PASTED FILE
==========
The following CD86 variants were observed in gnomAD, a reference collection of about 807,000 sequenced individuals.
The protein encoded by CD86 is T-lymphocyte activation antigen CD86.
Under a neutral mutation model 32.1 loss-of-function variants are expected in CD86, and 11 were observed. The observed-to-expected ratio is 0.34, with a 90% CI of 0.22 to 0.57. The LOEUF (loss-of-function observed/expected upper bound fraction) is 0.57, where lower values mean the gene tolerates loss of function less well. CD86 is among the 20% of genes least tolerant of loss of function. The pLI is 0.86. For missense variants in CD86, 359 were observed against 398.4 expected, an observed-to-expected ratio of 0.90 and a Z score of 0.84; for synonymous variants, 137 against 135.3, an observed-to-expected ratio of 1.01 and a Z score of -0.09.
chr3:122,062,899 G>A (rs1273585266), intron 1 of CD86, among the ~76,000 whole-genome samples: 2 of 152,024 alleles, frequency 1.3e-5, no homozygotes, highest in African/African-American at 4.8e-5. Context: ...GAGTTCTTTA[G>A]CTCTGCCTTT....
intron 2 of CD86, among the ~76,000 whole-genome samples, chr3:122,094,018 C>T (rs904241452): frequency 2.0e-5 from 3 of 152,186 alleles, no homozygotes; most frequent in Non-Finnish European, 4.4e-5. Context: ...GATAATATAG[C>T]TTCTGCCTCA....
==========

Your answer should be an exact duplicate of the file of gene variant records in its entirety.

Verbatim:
The following CD86 variants were observed in gnomAD, a reference collection of about 807,000 sequenced individuals.
The protein encoded by CD86 is T-lymphocyte activation antigen CD86.
Under a neutral mutation model 32.1 loss-of-function variants are expected in CD86, and 11 were observed. The observed-to-expected ratio is 0.34, with a 90% CI of 0.22 to 0.57. The LOEUF (loss-of-function observed/expected upper bound fraction) is 0.57, where lower values mean the gene tolerates loss of function less well. CD86 is among the 20% of genes least tolerant of loss of function. The pLI is 0.86. For missense variants in CD86, 359 were observed against 398.4 expected, an observed-to-expected ratio of 0.90 and a Z score of 0.84; for synonymous variants, 137 against 135.3, an observed-to-expected ratio of 1.01 and a Z score of -0.09.
chr3:122,062,899 G>A (rs1273585266), intron 1 of CD86, among the ~76,000 whole-genome samples: 2 of 152,024 alleles, frequency 1.3e-5, no homozygotes, highest in African/African-American at 4.8e-5. Context: ...GAGTTCTTTA[G>A]CTCTGCCTTT....
intron 2 of CD86, among the ~76,000 whole-genome samples, chr3:122,094,018 C>T (rs904241452): frequency 2.0e-5 from 3 of 152,186 alleles, no homozygotes; most frequent in Non-Finnish European, 4.4e-5. Context: ...GATAATATAG[C>T]TTCTGCCTCA....